Reasons for Transferring Vehicle Ownership
Regardless of how you acquire a vehicle, you are lawfully required to transfer it to your name immediately or as soon as possible. This is true even if it is a new or used vehicle, a gift purchased from a family member, or an inheritance. Should you get married or divorced, you will need to (or wish to) change your last name on the title. Concerning the transfer of ownership of a vehicle, the logbook is, therefore, an important document.
These all constitute reasons for changing vehicle ownership. If it is a new vehicle, the dealership from where you buy it will usually register the vehicle for you. If this is not the case, you will need to do the transfer of ownership of the car yourself. If it is a used vehicle, as mentioned in the examples above, you will need to do the DVLA change of ownership yourself.
The Process for Changing Vehicle Ownership
The process of changing vehicle ownership starts with purchasing the vehicle (or with any of the examples mentioned above). You need to own a legal driver’s license, issued by the Driver and Vehicle Licensing Agency (DVLA), to effect the change of ownership of a car.
The process includes obtaining a logbook. It is also called a V5C, or the Vehicle Registration Certificate, which is a DVLA requirement. The logbook contains the taxation and registration history of the vehicle. It is a vital document, especially if the purchase is a used vehicle. All the information about who is responsible for the registration and taxing of the vehicle is contained in the logbook.
This is, therefore, proof that you are the registered keeper of the vehicle. The information includes the following:
- the previous owner’s or owners’ name or names
- the type of vehicle.
- the model
- the year
- the date it was first registered
- the color
- the make
- the chassis or VIN number
- the size of the engine
- the weight of the vehicle
- the fuel type (diesel or petrol)
The logbook is where you would make changes, such as your name or should the details of the vehicle change. An important note here is that the logbook is not proof of ownership. However, it is a necessity to change vehicle ownership. So you need to be very careful about it. Just pay close attention to it and get everything done appropriately.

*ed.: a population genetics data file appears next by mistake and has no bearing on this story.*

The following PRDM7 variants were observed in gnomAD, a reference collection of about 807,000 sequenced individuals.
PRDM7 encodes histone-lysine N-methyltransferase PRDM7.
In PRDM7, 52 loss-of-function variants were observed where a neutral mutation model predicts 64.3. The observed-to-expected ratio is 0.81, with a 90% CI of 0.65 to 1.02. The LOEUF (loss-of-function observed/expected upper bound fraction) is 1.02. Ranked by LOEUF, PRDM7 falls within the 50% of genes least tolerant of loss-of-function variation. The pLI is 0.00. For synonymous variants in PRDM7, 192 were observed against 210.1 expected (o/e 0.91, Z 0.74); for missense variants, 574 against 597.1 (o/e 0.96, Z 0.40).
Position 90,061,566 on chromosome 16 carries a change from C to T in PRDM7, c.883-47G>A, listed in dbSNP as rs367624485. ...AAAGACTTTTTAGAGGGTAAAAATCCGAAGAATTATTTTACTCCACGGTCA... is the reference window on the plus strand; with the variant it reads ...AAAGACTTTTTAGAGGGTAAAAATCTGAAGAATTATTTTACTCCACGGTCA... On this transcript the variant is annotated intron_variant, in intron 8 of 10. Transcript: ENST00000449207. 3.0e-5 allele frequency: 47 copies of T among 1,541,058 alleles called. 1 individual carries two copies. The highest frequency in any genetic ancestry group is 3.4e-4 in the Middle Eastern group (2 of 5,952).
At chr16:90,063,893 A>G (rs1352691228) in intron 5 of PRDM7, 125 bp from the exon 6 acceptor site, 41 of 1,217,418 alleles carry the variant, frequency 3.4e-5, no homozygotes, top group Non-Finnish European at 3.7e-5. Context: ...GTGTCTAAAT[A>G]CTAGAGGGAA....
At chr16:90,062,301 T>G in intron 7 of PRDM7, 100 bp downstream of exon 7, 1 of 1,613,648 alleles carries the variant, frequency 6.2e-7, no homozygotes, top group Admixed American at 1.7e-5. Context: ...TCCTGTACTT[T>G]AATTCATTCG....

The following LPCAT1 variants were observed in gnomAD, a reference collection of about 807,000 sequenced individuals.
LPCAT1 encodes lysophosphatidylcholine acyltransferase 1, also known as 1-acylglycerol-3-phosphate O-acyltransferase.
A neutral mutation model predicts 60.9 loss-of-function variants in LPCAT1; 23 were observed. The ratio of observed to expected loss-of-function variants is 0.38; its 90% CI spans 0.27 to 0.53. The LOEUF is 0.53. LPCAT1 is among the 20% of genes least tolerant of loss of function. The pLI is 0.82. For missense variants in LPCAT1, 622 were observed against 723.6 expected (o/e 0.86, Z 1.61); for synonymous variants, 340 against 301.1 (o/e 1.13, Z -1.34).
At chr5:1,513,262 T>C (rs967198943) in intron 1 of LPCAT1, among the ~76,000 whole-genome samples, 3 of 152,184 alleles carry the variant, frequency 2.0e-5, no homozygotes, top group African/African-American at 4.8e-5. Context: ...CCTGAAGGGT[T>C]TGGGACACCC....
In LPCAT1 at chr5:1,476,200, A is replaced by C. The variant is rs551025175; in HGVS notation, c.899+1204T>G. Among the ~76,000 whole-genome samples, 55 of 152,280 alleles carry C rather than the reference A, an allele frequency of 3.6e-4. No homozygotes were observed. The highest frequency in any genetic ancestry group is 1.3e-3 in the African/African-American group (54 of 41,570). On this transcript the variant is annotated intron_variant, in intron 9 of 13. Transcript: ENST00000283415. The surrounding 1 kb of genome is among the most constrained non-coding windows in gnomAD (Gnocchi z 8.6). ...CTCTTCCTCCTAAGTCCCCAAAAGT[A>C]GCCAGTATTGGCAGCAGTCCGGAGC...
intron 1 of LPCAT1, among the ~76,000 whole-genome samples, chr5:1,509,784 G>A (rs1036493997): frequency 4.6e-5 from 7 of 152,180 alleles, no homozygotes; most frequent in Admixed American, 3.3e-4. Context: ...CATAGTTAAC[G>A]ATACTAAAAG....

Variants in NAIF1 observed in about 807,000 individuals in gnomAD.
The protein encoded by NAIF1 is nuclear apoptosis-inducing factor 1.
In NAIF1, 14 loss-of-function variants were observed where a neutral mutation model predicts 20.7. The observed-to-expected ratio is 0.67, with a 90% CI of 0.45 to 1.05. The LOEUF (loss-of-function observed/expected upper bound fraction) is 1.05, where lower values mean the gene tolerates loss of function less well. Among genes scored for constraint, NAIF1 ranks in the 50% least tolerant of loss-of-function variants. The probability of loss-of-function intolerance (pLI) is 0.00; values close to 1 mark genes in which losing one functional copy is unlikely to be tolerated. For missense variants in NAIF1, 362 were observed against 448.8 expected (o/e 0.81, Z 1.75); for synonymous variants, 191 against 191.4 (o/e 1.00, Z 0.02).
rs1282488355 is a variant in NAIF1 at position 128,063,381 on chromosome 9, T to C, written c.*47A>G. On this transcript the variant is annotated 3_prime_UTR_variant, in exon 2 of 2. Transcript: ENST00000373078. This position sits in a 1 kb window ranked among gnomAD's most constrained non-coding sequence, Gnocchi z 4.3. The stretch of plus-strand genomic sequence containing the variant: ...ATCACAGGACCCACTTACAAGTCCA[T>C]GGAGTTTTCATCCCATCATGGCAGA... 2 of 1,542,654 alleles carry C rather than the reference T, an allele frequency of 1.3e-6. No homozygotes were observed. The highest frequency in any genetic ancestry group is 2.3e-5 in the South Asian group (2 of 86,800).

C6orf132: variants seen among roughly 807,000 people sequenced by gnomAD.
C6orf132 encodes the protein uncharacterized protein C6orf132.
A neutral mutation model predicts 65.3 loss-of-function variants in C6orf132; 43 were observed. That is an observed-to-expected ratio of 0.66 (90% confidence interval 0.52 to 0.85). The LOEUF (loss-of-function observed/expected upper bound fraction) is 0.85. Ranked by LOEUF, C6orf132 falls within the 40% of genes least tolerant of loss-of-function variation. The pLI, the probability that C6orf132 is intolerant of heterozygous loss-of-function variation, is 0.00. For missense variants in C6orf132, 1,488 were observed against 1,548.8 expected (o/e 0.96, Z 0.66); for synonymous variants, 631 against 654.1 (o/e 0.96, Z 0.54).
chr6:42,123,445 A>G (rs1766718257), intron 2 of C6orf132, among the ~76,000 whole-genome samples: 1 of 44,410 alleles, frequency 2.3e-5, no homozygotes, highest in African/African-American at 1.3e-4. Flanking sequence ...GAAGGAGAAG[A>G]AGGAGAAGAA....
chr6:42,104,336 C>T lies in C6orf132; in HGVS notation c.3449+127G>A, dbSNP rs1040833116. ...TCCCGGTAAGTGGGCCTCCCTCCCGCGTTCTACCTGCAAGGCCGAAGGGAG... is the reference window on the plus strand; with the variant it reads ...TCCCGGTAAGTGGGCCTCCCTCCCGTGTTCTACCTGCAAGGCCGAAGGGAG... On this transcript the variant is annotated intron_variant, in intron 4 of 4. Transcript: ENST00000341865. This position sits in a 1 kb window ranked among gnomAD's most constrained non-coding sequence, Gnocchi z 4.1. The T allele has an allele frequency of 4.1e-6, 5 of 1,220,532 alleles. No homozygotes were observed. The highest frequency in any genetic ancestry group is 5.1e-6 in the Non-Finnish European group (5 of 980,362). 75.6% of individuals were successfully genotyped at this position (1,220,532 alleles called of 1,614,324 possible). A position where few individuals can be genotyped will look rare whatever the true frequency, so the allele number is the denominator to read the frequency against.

Once the seller hands the information to the new owner, they need to inform the DVLA of the new keeper. The old V5C will no longer exist, and the new keeper will be given new documents to complete.
The seller can provide the details of the V5C manually, or they can do it online through the DVLA. However, even if it is completed online, the new keeper still needs the new logbook to get the reference number. This is part of the process. See below for an example of a logbook. This is the content that would be necessary, whether it is for a new logbook or an existing one that needs changes.
Transfer of Car Ownership
As mentioned above, the first step is to complete the V5C, which should be sent to the new keeper of the vehicle. Car taxes are not transferable. It is, therefore, an important aspect to remember that the new keeper has to pay road tax as soon as they own the new logbook. The tax is especially vital if it is a used vehicle. The new owner cannot take the car on the road if he or she has not paid the road taxes.
Once the seller notifies the DVLA of the sale, they will reimburse the seller for any taxes that are left on the car. It, therefore, becomes the new keeper’s responsibility.
The easiest way to transfer ownership is by doing it online at the DVLA portal on their website. This is easy as you can fill in all the details using the online form. You would need a reference number, which can be obtained from the V5C. That is the reason why the logbook is essential.
If it is not possible to use the DVLA online portal, the new keeper can also do the DVLA change of ownership by post. The process of changing vehicle ownership is the same for all vehicle sales. It does not matter whether it is a gift purchased from a family member or an inheritance. It is legally required to register all types of vehicles, which includes the payment of road taxes.
It is also required by law that all vehicles be insured, especially used vehicles. As with the road tax, the new owner cannot use the vehicle if it does not have insurance.
Below is an example of what a DVLA vehicle registration looks like. Completing the form is an easy task. It is just a matter of completing the multi-choice questions on the form, such as:
- Confirming who the buyer and seller are
- Confirmation of the details of the vehicle
- Whether the vehicle and registration details are correct.
- This is followed by the full name, address, and postal code of the new owner.
- The date of the sale
The form has a section where the new owner needs to declare that all details entered on the form are correct. Once the buyer submits the form, the vehicle is registered with the Driver and Vehicle Licensing Agency (DVLA).
You can provide the email addresses of both buyer and seller if you wish to receive a record of the registration.